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Keyword: wildland urban interface

Proceedings of the Fire Continuum-Preparing for the future of wildland fire; 2018 May 21-24; Missoula, MT

Publications Posted on: July 22, 2020
The Fire Continuum Conference, co-sponsored by the Association for Fire Ecology and the International Association of Wildland Fire, was designed to cover both the biophysical and human dimensions aspects of fire along the fire continuum. This proceedings includes many of topics covered during the conference - including pre-fire planning and management, strategies during an incident, and post-fire effects and management options.

Wildfire exposure to the wildland urban interface in the western US

Publications Posted on: October 02, 2019
Predicting wildfire disasters presents a major challenge to the field of risk science, especially when fires propagate long distances through diverse fuel types and complex terrain. A good example is in the western US where large tracts of public lands routinely experience large fires that spread from remote wildlands into developed areas and cause structure loss and fatalities.

Incorporating social diversity into wildfire management: Proposing 'pathways' for fire adaptation

Publications Posted on: September 26, 2019
Existing research suggests that adoption or development of various wildfire management strategies may differ across communities.

Cross-boundary wildfire and community exposure: A framework and application in the western U.S.

Publications Posted on: June 10, 2019
In this report we provide a framework for assessing cross-boundary wildfire exposure and a case study application in the western U.S. The case study provides detailed mapping and tabular decision support materials for prioritizing fuel management investments aimed at reducing wildfire exposure to communities located proximal to national forests. The work was motivated by a number of factors, including a request from U.S.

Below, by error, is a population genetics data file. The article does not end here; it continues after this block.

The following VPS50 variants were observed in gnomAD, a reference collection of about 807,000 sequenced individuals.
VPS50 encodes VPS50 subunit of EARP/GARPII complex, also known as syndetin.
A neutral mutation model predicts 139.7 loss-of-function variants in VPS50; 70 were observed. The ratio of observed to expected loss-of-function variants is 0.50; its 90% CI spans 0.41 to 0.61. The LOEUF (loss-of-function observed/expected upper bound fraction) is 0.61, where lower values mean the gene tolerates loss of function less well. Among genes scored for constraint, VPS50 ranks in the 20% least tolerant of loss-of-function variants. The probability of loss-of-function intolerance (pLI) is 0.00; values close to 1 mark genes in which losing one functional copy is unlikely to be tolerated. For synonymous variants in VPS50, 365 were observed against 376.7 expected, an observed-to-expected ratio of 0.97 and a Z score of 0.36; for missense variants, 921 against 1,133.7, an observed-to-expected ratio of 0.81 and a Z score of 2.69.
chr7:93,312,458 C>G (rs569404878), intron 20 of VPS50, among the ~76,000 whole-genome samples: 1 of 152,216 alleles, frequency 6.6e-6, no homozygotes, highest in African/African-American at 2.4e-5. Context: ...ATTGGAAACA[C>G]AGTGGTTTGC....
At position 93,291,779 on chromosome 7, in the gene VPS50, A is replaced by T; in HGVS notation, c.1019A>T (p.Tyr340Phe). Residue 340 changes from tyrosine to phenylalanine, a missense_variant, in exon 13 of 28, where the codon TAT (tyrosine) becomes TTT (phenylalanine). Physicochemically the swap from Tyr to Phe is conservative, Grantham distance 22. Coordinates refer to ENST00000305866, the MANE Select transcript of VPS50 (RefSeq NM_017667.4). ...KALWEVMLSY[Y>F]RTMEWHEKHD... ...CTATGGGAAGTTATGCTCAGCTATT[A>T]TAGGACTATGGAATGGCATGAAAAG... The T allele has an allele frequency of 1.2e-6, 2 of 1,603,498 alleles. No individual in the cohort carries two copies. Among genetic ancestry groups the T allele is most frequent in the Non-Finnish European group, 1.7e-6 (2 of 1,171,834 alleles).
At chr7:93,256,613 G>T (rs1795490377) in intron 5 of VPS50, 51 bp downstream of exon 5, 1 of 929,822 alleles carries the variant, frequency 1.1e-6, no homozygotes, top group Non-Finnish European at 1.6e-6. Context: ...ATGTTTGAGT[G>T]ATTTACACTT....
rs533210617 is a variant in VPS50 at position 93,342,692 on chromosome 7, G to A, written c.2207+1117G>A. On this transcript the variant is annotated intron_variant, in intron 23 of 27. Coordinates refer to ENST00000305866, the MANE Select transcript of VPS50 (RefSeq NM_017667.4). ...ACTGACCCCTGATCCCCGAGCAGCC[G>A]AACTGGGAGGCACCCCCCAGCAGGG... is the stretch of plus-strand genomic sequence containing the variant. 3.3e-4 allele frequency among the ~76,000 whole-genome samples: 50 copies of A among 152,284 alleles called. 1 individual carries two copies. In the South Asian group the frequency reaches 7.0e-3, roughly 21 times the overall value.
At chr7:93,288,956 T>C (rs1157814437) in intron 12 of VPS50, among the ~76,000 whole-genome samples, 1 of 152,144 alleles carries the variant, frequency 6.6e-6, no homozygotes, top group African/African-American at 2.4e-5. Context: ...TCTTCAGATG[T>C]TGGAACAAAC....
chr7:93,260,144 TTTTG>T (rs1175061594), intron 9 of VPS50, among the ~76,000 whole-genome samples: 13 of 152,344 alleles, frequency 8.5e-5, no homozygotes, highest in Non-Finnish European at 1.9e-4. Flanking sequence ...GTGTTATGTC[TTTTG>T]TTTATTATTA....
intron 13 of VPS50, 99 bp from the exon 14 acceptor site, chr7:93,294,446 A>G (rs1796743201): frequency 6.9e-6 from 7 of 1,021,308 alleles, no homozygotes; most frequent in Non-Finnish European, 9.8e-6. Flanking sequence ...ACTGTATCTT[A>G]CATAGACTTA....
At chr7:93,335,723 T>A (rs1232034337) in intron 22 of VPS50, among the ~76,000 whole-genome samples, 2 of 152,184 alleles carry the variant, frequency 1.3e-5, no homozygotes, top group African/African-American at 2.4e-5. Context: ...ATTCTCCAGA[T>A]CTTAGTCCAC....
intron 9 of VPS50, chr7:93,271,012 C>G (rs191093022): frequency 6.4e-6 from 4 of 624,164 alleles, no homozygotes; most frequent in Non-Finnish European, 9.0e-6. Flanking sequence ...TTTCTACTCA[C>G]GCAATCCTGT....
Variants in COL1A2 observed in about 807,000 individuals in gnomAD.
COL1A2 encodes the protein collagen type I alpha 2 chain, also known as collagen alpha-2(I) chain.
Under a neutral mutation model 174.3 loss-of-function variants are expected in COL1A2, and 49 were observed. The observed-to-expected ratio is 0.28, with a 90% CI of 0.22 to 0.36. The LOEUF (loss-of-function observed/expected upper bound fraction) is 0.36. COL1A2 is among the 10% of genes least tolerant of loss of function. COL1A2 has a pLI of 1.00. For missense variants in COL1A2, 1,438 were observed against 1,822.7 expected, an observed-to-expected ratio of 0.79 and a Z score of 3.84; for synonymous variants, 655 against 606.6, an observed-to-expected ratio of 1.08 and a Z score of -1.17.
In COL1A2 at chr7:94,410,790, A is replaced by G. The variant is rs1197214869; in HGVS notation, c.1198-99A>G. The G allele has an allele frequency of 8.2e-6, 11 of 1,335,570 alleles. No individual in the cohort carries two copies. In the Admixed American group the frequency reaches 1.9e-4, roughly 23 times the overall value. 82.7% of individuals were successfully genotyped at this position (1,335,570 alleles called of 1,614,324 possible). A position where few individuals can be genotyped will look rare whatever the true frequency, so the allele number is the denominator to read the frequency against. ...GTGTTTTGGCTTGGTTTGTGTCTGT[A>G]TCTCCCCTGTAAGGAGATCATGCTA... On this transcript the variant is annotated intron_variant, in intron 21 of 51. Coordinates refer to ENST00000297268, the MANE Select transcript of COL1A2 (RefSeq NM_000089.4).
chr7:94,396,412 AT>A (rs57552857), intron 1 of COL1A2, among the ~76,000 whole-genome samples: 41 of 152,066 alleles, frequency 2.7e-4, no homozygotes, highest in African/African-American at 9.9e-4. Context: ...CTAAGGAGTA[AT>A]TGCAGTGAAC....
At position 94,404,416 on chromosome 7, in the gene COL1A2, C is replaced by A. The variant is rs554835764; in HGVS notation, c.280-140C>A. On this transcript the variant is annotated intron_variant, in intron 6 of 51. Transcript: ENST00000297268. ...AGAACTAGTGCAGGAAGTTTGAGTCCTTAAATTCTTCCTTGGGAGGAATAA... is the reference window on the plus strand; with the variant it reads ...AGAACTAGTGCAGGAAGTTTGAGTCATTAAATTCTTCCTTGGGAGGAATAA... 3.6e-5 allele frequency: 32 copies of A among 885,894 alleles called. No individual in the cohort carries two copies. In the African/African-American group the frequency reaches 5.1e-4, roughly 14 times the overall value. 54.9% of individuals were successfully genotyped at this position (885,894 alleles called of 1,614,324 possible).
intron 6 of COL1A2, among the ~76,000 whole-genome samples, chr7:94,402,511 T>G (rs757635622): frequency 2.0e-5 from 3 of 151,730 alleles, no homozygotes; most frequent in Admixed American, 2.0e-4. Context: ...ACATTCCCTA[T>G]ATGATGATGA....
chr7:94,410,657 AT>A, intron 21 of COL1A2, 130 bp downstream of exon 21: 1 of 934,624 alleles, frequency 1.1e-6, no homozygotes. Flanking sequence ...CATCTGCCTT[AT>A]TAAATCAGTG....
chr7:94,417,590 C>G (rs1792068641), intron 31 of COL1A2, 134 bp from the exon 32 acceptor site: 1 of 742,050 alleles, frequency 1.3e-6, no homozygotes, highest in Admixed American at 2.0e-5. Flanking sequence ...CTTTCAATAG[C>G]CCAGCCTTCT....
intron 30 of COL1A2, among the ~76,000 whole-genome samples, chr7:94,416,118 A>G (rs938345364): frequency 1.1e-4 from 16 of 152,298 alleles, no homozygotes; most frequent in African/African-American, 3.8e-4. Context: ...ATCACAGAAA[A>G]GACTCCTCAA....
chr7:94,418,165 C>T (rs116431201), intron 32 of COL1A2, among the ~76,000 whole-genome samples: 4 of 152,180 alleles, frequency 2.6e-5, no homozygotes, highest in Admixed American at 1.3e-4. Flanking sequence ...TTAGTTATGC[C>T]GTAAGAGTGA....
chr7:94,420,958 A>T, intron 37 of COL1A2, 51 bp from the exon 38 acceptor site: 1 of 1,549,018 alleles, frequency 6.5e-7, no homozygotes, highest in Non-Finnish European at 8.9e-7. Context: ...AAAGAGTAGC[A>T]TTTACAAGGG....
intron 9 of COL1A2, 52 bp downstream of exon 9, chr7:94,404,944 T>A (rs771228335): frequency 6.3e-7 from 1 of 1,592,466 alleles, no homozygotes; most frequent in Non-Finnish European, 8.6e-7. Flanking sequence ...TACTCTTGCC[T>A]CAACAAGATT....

Tradeoffs between US national forest harvest targets and fuel management to reduce wildfire transmission to the wildland urban interface

Publications Posted on: April 09, 2019
US public land management agencies are faced with multiple, often conflicting objectives to meet management targets and produce a wide range of ecosystem services expected from public lands. One example is managing the growing wildfire risk to human and ecological values while meeting programmatic harvest targets for economic outputs mandated in agency budgets.

Assessing wildland fire risk transmission to communities in northern Spain

Publications Posted on: September 25, 2017
We assessed potential economic losses and transmission to residential houses from wildland fires in a rural area of central Navarra (Spain). Expected losses were quantified at the individual structure level (n = 306) in 14 rural communities by combining fire model predictions of burn probability and fire intensity with susceptibility functions derived from expert judgement.

Land status

Pages Posted on: February 06, 2017
In order to engage in landscape-scale management, planners must understand the complex relationships of land status, ownership, use, and access. These publications and tools include valuable information regarding land status. 

Protecting Your Home From Wildfire

Pages Posted on: October 20, 2016
This 25-minute video features Fire Scientist Jack Cohen showing examples of homes that were unprotected during a wildfire, homes using home protection guidelines, and examples where home protection guidelines can be put to use.

Recovery and adaptation after wildfire on the Colorado Front Range (2010–12)

Publications Posted on: October 04, 2016
Following the loss of homes to wildfire, when risk has been made apparent, homeowners must decide whether to rebuild, and choose materials and vegetation, while local governments guide recovery and rebuilding. As wildfires are smaller and more localised than other disasters, it is unclear if recovery after wildfire results in policy change and adaptation, decreasing assets at risk, or if recovery encourages reinvestment in hazard-prone areas.

Assessing the impacts of federal forest planning on wildfire risk-mitigation in the Pacific Northwest, USA

Publications Posted on: June 21, 2016
We analyzed the impact of amenity and biodiversity protection as mandated in national forest plans on the implementation of hazardous fuel reduction treatments aimed at protecting the wildland urban interface (WUI) and restoring fire resilient forests. We used simulation modeling to delineate areas on national forests that can potentially transmit fires to adjacent WUI.